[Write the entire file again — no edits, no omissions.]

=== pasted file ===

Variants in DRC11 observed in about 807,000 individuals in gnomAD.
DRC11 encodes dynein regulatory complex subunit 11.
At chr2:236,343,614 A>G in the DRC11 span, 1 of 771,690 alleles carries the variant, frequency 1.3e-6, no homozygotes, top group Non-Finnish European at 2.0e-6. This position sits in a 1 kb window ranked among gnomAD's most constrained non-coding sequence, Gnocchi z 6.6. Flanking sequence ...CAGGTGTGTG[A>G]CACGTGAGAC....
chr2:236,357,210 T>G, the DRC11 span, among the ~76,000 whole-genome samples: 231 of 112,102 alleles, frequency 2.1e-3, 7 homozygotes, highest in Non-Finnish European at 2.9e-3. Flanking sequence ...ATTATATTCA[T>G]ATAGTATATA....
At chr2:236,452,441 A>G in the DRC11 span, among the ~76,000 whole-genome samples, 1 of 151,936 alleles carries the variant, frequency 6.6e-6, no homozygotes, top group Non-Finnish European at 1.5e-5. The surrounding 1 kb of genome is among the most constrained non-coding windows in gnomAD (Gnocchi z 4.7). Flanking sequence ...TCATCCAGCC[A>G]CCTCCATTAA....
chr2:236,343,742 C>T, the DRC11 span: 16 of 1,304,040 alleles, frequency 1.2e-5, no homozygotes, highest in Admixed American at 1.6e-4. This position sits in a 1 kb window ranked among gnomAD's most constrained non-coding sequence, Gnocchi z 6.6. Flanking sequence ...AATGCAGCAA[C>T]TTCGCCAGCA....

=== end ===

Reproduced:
Variants in DRC11 observed in about 807,000 individuals in gnomAD.
DRC11 encodes dynein regulatory complex subunit 11.
At chr2:236,343,614 A>G in the DRC11 span, 1 of 771,690 alleles carries the variant, frequency 1.3e-6, no homozygotes, top group Non-Finnish European at 2.0e-6. This position sits in a 1 kb window ranked among gnomAD's most constrained non-coding sequence, Gnocchi z 6.6. Flanking sequence ...CAGGTGTGTG[A>G]CACGTGAGAC....
chr2:236,357,210 T>G, the DRC11 span, among the ~76,000 whole-genome samples: 231 of 112,102 alleles, frequency 2.1e-3, 7 homozygotes, highest in Non-Finnish European at 2.9e-3. Flanking sequence ...ATTATATTCA[T>G]ATAGTATATA....
At chr2:236,452,441 A>G in the DRC11 span, among the ~76,000 whole-genome samples, 1 of 151,936 alleles carries the variant, frequency 6.6e-6, no homozygotes, top group Non-Finnish European at 1.5e-5. The surrounding 1 kb of genome is among the most constrained non-coding windows in gnomAD (Gnocchi z 4.7). Flanking sequence ...TCATCCAGCC[A>G]CCTCCATTAA....
chr2:236,343,742 C>T, the DRC11 span: 16 of 1,304,040 alleles, frequency 1.2e-5, no homozygotes, highest in Admixed American at 1.6e-4. This position sits in a 1 kb window ranked among gnomAD's most constrained non-coding sequence, Gnocchi z 6.6. Flanking sequence ...AATGCAGCAA[C>T]TTCGCCAGCA....